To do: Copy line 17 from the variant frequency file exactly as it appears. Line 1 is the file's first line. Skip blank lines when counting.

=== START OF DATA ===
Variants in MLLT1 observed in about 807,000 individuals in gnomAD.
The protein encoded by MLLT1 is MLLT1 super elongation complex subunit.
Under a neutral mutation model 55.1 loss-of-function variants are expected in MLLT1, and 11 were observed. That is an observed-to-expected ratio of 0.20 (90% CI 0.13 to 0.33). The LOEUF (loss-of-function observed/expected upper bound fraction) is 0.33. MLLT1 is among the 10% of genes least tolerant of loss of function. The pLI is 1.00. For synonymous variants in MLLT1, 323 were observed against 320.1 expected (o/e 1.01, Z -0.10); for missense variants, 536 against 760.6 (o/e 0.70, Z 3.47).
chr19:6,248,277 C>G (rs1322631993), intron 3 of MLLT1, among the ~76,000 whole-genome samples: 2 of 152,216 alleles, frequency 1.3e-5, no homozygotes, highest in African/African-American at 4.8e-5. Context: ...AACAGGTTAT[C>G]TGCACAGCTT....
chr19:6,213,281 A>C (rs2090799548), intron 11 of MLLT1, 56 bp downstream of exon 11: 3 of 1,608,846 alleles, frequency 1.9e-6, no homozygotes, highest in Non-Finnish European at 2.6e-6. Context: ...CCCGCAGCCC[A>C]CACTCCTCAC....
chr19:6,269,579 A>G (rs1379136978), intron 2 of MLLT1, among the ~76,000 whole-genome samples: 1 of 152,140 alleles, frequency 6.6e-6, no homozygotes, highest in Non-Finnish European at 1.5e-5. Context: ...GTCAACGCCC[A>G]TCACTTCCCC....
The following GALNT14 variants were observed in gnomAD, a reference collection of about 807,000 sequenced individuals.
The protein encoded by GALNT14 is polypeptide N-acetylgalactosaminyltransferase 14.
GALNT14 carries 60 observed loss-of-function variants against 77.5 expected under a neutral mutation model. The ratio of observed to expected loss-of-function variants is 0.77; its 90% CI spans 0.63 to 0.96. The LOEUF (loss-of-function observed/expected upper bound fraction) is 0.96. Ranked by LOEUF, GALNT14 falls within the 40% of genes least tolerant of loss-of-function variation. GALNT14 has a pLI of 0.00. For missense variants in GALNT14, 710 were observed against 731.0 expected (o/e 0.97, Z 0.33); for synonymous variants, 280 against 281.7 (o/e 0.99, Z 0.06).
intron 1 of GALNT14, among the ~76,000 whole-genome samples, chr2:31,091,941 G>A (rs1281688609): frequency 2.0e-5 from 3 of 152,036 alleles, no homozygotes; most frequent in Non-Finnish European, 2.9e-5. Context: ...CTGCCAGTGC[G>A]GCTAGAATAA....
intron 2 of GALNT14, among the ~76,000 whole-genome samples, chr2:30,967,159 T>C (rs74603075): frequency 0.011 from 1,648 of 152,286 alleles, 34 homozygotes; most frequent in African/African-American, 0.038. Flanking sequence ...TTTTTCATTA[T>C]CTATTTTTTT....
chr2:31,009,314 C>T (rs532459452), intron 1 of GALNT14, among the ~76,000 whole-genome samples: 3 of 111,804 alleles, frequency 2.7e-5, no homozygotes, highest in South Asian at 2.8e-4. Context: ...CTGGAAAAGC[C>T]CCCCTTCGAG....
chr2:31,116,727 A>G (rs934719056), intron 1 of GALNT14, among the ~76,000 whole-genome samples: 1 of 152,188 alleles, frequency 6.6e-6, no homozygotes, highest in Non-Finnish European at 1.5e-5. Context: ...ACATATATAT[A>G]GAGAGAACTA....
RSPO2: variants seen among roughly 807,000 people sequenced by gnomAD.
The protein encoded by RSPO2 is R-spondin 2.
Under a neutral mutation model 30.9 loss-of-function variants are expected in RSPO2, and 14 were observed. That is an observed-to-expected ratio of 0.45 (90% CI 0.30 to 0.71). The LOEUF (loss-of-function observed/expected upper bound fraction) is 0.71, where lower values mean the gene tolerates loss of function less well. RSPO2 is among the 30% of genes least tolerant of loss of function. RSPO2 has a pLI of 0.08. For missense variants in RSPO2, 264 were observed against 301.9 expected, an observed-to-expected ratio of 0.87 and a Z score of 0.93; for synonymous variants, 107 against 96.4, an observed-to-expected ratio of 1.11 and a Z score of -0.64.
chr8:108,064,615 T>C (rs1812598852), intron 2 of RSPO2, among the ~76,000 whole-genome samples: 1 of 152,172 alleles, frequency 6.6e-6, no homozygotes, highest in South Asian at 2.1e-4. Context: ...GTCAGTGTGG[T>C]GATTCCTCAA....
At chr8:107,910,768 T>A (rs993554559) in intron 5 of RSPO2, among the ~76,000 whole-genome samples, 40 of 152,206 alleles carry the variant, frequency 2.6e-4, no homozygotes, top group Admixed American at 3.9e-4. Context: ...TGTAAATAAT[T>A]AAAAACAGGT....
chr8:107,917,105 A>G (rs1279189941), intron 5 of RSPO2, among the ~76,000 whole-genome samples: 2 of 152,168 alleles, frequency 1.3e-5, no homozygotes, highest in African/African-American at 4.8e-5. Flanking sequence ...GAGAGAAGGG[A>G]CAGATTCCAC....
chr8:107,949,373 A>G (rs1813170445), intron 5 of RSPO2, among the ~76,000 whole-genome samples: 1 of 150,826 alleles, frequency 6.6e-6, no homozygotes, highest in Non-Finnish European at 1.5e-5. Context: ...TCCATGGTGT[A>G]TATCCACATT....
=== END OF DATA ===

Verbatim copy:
chr8:108,064,615 T>C (rs1812598852), intron 2 of RSPO2, among the ~76,000 whole-genome samples: 1 of 152,172 alleles, frequency 6.6e-6, no homozygotes, highest in South Asian at 2.1e-4. Context: ...GTCAGTGTGG[T>C]GATTCCTCAA....